TAYLOR, Mich. - Democratic presidential candidate Barack Obama met with students at a community college yesterday to highlight his plans for a $4,000 annual tuition tax credit, the second day he has contrasted his plans on bread-and-butter issues with his Republican rival, John McCain.
Mr. Obama said education "isn't an issue you hear Senator McCain talking much about. He's out of touch. He's voted time and again to stop us [from] making college affordable."
The McCain campaign said Mr. McCain has a record of supporting national service and educational opportunities, and that Mr. Obama s tuition plan depends on raising taxes on 21 million small businesses, which provide jobs.
"Every college-savings account starts with a job," said McCain spokesman Tucker Bounds. "So while Senator Obama shares John McCain s concern over the high price of college tuition, there is a critical job-gap that Obama fails to address."
On Monday, Mr. Obama met with a family in Flint, Mich., with a $40,000 income and contrasted his proposals for a tax cut with those of Mr. McCain.
Tuesday's event was held at the Downriver campus of the Wayne County Community College District, where about 30 students who receive financial aid traded comments and questions with Mr. Obama about the burdens of paying for their educations.
Mr. Obama has proposed a $4,000 refundable tax credit per student, per year, for tuition, meaning it would be paid even if the individual paid no taxes. It would cover two-thirds of tuition at the average public college or university, and all of the tuition and some expenses at many community colleges, Mr. Obama said. The student would have to commit to 100 hours of public service to receive the help.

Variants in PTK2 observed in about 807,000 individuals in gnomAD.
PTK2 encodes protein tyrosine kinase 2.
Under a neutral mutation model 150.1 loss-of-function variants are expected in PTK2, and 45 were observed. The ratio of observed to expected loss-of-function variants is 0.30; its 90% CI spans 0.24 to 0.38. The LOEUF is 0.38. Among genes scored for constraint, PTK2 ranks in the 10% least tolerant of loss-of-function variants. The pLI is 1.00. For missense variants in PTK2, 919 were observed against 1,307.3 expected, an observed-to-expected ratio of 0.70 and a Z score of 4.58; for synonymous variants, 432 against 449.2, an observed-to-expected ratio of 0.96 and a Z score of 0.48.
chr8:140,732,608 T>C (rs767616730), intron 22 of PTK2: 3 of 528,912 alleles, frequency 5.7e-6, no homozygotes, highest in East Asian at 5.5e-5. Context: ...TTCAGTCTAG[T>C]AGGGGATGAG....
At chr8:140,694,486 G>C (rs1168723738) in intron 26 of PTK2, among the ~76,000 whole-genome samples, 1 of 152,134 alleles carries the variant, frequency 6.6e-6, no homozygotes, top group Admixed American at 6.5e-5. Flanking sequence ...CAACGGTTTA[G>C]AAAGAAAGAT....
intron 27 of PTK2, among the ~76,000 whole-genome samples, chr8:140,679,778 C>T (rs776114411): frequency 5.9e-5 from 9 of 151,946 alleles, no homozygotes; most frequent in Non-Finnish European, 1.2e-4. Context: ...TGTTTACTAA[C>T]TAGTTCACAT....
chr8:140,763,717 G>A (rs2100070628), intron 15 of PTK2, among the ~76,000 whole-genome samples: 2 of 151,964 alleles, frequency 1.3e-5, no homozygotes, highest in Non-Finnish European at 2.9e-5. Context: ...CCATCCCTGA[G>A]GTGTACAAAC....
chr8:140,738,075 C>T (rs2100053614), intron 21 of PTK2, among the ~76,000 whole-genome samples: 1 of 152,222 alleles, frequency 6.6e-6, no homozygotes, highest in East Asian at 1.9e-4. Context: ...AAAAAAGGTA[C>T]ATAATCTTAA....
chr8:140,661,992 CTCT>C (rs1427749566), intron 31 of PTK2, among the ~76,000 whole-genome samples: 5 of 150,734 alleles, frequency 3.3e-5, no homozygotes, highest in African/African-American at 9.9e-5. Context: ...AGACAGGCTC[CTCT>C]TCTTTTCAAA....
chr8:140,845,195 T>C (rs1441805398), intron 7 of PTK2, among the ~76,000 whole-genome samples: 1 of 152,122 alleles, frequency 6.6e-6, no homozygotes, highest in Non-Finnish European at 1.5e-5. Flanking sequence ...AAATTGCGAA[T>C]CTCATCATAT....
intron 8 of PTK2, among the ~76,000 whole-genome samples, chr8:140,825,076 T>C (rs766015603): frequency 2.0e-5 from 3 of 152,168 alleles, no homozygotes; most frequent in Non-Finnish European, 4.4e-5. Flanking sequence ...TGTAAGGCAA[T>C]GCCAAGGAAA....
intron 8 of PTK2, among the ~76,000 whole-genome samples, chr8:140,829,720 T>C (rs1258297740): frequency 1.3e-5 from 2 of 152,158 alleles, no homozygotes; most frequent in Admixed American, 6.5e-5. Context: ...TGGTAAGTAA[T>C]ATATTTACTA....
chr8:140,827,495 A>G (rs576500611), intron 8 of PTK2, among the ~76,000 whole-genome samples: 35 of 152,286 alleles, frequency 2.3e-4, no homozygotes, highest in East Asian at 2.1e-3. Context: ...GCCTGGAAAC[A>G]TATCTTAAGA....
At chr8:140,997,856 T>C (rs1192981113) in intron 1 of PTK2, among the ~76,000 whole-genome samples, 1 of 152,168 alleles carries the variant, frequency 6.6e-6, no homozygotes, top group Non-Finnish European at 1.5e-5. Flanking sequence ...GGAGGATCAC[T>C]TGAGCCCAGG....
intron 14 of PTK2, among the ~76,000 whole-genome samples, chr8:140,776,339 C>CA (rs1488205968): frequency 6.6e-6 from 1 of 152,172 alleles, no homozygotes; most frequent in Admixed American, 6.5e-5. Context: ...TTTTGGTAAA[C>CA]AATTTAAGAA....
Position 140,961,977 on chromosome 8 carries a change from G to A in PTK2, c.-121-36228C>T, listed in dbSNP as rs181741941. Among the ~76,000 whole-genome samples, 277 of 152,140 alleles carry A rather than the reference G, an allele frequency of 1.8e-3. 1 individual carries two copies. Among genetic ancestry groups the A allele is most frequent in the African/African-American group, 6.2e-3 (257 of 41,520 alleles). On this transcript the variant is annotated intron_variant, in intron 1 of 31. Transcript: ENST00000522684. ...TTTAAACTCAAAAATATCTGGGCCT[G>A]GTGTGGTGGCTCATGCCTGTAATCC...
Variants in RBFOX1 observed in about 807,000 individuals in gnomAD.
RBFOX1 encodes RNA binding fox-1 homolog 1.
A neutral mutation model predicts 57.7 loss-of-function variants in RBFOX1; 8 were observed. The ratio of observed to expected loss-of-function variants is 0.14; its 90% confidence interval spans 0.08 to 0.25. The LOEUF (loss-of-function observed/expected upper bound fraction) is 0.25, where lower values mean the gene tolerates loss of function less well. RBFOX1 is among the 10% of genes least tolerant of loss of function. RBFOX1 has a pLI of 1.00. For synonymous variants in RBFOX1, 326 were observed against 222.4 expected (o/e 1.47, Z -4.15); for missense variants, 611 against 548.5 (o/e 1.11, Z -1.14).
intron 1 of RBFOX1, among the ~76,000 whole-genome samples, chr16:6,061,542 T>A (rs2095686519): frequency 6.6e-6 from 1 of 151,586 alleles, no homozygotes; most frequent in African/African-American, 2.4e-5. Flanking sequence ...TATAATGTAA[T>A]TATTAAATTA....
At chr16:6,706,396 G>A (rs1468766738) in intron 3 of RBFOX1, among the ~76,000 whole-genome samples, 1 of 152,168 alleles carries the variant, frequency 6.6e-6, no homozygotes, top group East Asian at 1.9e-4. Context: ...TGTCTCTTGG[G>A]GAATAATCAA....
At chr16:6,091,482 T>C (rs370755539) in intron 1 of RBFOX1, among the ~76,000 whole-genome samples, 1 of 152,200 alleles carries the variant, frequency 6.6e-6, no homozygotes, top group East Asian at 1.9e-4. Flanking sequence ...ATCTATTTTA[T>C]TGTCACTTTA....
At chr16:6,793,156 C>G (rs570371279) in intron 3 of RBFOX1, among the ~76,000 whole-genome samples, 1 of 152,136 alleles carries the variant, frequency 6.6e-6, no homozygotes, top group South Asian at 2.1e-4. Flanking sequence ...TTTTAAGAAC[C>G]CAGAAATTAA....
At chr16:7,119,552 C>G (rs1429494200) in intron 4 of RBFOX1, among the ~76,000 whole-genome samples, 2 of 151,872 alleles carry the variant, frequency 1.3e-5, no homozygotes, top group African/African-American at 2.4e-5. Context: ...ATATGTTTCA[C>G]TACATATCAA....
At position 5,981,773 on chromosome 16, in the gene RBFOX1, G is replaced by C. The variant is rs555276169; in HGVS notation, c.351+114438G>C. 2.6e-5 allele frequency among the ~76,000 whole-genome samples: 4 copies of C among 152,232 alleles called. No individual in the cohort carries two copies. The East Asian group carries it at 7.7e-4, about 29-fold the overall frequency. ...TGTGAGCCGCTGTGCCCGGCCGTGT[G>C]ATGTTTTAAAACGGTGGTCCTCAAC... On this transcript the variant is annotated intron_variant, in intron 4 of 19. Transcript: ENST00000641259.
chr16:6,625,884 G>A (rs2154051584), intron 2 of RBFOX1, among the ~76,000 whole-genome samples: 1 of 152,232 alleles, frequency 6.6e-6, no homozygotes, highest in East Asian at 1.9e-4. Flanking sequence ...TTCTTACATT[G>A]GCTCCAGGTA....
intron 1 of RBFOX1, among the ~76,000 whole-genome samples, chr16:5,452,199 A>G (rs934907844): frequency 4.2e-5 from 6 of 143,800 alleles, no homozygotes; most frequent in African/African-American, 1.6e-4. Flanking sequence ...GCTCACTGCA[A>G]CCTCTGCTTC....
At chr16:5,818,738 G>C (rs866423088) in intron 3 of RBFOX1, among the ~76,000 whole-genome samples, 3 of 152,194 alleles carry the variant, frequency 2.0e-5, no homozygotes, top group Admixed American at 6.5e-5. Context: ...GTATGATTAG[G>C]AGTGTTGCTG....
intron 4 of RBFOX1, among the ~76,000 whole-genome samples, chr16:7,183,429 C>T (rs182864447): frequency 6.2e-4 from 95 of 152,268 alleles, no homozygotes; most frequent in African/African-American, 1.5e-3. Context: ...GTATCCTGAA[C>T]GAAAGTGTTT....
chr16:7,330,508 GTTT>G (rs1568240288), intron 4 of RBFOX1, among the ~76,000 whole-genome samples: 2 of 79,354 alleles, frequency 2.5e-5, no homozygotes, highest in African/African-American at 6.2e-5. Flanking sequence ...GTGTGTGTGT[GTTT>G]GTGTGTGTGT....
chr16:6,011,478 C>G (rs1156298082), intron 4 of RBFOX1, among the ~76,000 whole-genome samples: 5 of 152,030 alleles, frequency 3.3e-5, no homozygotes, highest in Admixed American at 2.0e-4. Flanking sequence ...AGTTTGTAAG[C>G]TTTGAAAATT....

Student Demetrius Jenkins, 18, said he will owe about $6,000 in tuition to transfer to a four-year college, after receiving grants and federally guaranteed loans to cover about $10,000.
"One of the things I'm having trouble with is private loans," he said. Mr. Obama and the college's financial aid officer, Marcus McGrew, advised him to avoid private loans if possible.
"I'd make sure we have this additional $4,000 tuition credit so you don't have to resort to the private market," Mr. Obama said. He bemoaned "unscrupulous" lenders and said he wants more regulation of the private market.
"I feel that if he is elected, the issues he is concerned about will come about," Mr. Jenkins said afterward.
A 43-year-old part-time student at Wayne State who said her daughter, a full-time student at Eastern Michigan University, is in danger of losing her academic eligibility for her financial aid asked Mr. Obama for advice.
He suggested she spend less time watching TV, text-messaging friends, and going to movies and more time studying.
"If your daughter has an opportunity to attend a four-year school and get a degree, there are no excuses. She's got to keep her grades up and graduate," Mr. Obama said.
The mother, Stephanie Baker, said she plans to play back a recording of the event for her 20-year-old daughter, Autumn.
"She is such a staunch Obama supporter, it'll be like God talking to her," Ms. Baker said.
Dental hygiene student Marilyn Pace teared up in a one-on-one meeting with Mr. Obama.
Ms. Pace said she is about $1,500 short of paying for tuition and supplies for her dental hygiene studies, on top of struggles paying living expenses and helping her father with medical expenses from a kidney transplant.
In her case, Mr. Obama and a college loan counselor said a private loan should be able to close the gap.
"Money is a really big issue for me, just paying for it all," said Ms. Pace, 23, who said she has $13,000 in debt. She said she will graduate with an associate's degree and will be able to apply for jobs once she passes her board and clinical exams. She said jobs in her chosen profession pay $25 to $30 per hour.
Mr. Obama said he plans to pay for his campaign promises, including universal health care, by raising taxes on incomes above $250,000. He also said he would have the government make college loans directly, saving billions of dollars now going to private banks.
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